The right way to build a trading journal
Most traders have, at some point embarked on a journey of maintaining a trading journal. Some start off with a public blog or starting their own trading journal thread on a forum. Despite starting off with the right intentions, most of the trading journals often tend to die out within a few months at most or when a trader ends up in a losing streak of takes a big hit to their account.
Some traders on the other hand, completely despite the idea of having to maintain a trading journal as they find it to be cumbersome and well, downright futile.
So, should traders make a habit to maintain a trading journal or is this something that is overrated? This article helps readers to understand the importance of a trading journal and more importantly, the right way to keep a trading journal.
Why start a trading journal?
A trading journal is meant to be your own personal trading notebook. The purpose behind maintaining a trading journal is so that traders can keep tabs of their trades so that they can fall back on these archived trades in order to see what has worked best for them and what didn’t.
A trading journal is important regardless of whether you follow a trading system that is based on rules or discretion based trading system.
For both the approaches to trading, a trading journal helps you identify the trades that have worked the best as well as trades that have failed.
This ensures that you have your very own ‘detailed’ forward testing database to look up to, when you want to iron out the bugs in your trading system.
How to log entries to you trade journal?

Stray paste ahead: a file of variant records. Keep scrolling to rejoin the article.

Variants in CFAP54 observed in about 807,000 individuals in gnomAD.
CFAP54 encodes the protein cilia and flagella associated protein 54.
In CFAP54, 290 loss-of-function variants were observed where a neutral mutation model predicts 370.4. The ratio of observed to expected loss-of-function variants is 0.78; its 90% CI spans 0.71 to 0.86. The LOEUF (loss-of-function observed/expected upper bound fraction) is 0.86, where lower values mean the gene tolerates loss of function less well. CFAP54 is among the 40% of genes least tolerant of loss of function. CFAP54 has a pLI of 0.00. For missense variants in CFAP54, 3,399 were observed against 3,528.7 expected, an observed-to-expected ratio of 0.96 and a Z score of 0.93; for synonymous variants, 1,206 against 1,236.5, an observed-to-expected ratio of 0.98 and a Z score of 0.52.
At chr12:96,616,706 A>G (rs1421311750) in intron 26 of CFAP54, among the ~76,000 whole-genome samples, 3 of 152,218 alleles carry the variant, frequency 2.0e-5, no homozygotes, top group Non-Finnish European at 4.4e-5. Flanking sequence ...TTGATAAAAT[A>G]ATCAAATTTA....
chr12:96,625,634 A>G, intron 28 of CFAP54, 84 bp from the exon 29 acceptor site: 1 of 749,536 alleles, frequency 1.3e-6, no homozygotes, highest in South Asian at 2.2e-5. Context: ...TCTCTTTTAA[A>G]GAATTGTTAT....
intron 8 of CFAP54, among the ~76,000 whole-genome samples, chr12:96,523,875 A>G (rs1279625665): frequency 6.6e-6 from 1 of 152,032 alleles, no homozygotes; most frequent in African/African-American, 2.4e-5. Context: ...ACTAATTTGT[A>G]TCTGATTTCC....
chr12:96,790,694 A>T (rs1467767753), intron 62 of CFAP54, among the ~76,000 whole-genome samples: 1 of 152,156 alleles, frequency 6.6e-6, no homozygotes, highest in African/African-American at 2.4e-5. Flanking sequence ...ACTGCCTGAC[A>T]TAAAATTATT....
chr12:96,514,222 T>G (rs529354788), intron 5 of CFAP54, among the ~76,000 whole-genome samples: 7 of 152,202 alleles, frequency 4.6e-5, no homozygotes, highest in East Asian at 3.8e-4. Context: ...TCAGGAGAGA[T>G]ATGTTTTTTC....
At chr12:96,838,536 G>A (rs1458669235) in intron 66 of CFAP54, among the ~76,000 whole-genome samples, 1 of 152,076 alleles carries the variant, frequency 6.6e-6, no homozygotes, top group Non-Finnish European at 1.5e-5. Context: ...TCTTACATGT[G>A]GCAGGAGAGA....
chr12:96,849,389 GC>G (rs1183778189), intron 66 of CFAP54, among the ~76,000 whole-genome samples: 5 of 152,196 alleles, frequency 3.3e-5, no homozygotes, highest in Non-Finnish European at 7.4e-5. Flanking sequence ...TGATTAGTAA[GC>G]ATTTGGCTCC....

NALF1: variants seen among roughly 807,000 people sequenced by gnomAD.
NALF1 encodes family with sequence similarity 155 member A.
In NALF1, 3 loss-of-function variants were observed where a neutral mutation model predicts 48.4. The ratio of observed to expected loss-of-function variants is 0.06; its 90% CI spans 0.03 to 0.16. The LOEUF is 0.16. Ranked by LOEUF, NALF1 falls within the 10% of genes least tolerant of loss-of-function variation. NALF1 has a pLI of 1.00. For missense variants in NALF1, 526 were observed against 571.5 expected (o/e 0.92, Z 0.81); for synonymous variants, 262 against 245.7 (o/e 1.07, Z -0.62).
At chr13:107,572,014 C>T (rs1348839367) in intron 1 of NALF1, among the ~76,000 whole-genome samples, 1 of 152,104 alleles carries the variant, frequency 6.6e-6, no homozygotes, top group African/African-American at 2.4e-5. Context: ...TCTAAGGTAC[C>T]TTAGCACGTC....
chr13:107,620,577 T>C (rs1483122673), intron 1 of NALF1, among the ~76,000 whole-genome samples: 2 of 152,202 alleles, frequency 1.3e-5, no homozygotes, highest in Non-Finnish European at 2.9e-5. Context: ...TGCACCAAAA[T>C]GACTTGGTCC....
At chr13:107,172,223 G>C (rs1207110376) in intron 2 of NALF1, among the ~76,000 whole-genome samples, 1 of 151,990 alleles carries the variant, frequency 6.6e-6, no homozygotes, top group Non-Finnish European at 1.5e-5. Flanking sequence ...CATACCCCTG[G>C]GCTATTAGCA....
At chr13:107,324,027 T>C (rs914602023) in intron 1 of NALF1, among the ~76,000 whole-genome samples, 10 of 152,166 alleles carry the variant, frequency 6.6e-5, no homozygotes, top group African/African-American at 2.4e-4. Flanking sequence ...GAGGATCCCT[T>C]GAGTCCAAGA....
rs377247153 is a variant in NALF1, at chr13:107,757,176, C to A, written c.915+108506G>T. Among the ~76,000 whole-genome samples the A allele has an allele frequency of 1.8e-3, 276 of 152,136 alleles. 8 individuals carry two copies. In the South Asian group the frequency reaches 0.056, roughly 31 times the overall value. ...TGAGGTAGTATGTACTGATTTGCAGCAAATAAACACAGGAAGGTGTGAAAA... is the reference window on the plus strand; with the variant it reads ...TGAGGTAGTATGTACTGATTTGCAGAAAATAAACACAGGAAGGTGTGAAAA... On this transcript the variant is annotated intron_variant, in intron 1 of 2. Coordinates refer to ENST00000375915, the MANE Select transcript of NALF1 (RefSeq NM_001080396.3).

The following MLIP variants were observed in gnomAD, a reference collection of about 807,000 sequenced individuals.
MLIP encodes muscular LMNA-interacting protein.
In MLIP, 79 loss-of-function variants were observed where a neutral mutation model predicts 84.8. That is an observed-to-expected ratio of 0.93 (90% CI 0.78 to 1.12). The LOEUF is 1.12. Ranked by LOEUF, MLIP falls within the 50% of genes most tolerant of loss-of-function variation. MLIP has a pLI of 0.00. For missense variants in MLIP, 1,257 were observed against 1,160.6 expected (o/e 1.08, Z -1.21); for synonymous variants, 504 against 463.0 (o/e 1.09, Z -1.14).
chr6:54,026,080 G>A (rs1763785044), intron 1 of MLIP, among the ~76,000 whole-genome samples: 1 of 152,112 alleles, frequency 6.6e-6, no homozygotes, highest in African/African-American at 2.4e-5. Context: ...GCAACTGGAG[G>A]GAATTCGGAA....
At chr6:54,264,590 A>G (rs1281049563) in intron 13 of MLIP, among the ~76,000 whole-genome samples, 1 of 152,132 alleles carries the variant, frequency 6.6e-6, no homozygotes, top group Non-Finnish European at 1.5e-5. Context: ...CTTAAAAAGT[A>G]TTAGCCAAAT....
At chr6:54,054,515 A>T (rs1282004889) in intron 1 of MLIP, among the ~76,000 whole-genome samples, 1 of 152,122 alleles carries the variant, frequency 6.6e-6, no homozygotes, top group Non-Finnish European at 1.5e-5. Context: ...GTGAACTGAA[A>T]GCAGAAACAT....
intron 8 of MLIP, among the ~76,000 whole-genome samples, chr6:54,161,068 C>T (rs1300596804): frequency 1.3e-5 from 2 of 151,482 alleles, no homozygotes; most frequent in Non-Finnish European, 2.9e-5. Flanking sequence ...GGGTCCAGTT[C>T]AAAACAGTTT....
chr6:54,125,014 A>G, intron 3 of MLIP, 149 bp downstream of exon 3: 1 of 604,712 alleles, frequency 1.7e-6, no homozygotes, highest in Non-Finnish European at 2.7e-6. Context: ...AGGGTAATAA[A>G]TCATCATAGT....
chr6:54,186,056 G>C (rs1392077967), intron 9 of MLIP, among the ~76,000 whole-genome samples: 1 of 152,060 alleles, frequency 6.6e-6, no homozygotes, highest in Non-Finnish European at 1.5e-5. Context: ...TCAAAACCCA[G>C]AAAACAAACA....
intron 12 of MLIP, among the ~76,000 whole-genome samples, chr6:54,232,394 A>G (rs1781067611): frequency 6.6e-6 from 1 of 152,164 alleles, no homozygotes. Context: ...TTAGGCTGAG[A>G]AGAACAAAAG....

A quick glance at one of the many trading journals that one comes across various forums, and you can easily tell that the focus of the set ups is usually incorrect.
Having a disciplined entry or approach to maintaining a trade journal helps in easy referencing of past trades. There, spend more time towards creating a ‘template’ that you can follow when journaling your trades.
The most important aspect of all being that besides the chart screenshots, you should also mention various other factors that you might not consider.
An example trade journal entry would ideally include the following points:
- Your general state of mind and environment
- Your views on the markets at the time you entered the trade
- Background about the currency pair or instrument you are trading
- Your opinion about the currency or instrument you are trading
- What do you think will happen
- Your reason for placing the Stop and take profit levels
- Indicator levels (ex: 50 EMA crossed below 100EMA before my entry)
- Chart patterns and any other relevant information
- Why you think the trade worked
- Could you have done better/could you have done worse
The above points might seem a bit exhaustive but it is only meant to offer you some starting points towards maintain a journal the right way.
What do you gain from having a trade journal?
Maintaining a trade journal helps you in your journey to become a better trader. This is probably the simplest way to explain why. When you have been maintaining a detailed log of your trades, over time you end up building a fairly good database of trade entries. This ensures that when you are in a losing streak (which is more important) you can simply look up to your past trades to see why your current trade set up is failing. It also helps you to identify weaknesses in your trading system or approach that often misses the eye when you are too busy trading.
In this first series of articles, we have touched upon the basic why/how of maintaining a trading journal. In the next article, we take a look at how a trading journal can help you improve as a trader and also point you to some tools (both free and paid) to help make your journaling a bit easier and a lot more fun.